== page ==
COMMENTARY - I don’t want to burst anyone’s bubble, but I have to side with Tracy Ringolsby of MLB.com. The news of Ichiro Suzuki reaching 3,000 hits on Sunday is only part of a larger novel written by the Miami Marlins. The bigger story is that this is a team that has reclaimed the second wildcard spot over the St. Louis Cardinals with a 10-7 win over Colorado. While watching Suzuki create history with his triple to get into the exclusive fraternity this past weekend, wins are more important to this franchise – one that has had a misstep or two recently at the trade deadline and lost three in a row to the Chicago Cubs.
Wins get you to the postseason, not individual achievements. While I am a huge fan of No. 51 in your programs, he is still part of a larger picture of 25 men trying to make it to the postseason with a fractured rotation and a lineup that could still use the return of Justin Bour from the disabled list.
I’m not a party crasher, just a realist. Marlins’ manager Don Mattingly would tell you the same thing – there is still plenty of work to be done.
As Ringolsby points out, this is a team that has had six consecutive losing seasons. The Marlins lost 90 or more games four times, including 91 last season and 100 in 2013, and they share, with the Mariners, the distinction of being the only teams to have not been a part of the postseason since 2003. Those are numbers which make you appreciate the season this team is having. Even with issues with its fifth starter and injuries to a lineup that has soldiered on, it could all falter in an instant.
"We realize we have talent," said starting pitcher Tom Koehler. "You also have to credit the process with [Mattingly]. We come to the ballpark every day expecting to win. When we don't, he's upset, and we have fed off that. There's no more accepting losing.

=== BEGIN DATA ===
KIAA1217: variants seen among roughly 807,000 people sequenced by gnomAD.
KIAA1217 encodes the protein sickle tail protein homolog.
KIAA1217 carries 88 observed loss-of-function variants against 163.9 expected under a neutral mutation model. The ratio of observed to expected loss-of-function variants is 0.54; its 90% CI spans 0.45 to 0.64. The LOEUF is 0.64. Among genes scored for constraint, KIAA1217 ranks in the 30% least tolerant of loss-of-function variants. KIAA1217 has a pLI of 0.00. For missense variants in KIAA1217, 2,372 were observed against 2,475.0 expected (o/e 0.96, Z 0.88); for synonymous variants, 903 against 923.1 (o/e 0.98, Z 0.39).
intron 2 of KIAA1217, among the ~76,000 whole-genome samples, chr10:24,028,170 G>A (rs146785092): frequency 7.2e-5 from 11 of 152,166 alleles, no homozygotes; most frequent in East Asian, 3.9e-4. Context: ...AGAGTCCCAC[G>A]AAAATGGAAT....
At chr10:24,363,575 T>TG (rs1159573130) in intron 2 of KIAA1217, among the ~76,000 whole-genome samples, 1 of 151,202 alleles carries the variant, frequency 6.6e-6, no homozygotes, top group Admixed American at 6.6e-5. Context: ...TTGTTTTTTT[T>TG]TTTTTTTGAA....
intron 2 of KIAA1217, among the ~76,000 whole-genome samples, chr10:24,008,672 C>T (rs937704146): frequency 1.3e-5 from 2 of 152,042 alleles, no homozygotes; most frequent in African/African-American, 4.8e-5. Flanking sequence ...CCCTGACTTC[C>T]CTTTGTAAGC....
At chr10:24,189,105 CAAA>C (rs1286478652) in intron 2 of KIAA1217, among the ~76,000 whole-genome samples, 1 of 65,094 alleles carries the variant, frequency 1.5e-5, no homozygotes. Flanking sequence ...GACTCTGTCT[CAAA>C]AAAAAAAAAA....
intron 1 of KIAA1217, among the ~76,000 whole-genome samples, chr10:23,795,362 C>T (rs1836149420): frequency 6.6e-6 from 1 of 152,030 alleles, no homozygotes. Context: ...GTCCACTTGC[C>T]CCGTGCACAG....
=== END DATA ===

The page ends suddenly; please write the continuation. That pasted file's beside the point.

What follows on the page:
"We feel good enough about ourselves that we expect to win. Sometimes you play not to win but rather not to lose. We are playing to win."
The Suzuki story is just part of the picture. It is a great distraction to the task at hand.
There has been plenty of discussion about the outfielder’s accomplishments, the face he started playing in the Majors at age 27 and the fact he has continued to get better with age. Not a fine wine, so to speak, but one of the greatest pure hitters I have ever watched. I grew up when Pete Rose was scattering hits all over the ballpark and Tony Gwynn and Wade Boggs were taking home batting titles like they were part of the shopping list. Suzuki has a sweet stroke, such that one of my former colleague thought if he could ever learn to hit for power, he could challenge home run records.
I’m kind of glad that never happened.
Sunday’s day in baseball needed this kind of event. With the news of Alex Rodriguez’s retirement and the questions still abound regarding the San Diego Padres and their questions about the health of their players prior to trading them last week, Suzuki is the feel good story of the season.
Sorry, Cubs fans.
Now, it’s time to return to the 2016 National League playoff race.
I didn’t have the chance to witness history, but I sure heard about it. Whether it was Miami Marlins in-game reporter Jessica Blaylock or my friend India, whose son Miller is a baseball player, everyone had high praise for Ichiro Suzuki reaching 3,000 hits on Sunday. As a 44-year old fan of the game and someone who never played the game himself, I am in awe of his talents.
There is a part of this job that I love more than anything – the ability to watch baseball in its purest form and write about history as it happen. I am a huge fan of Suzuki for his pure talent.
As India said, “Ichiro is the man. Next stop, Cooperstown.”
It’s a great tribute to a man who has captured the hearts of fans since his arrival in Seattle. But for now, he has conquered one historic event. It’s time to see if his team can do the same and make the playoffs.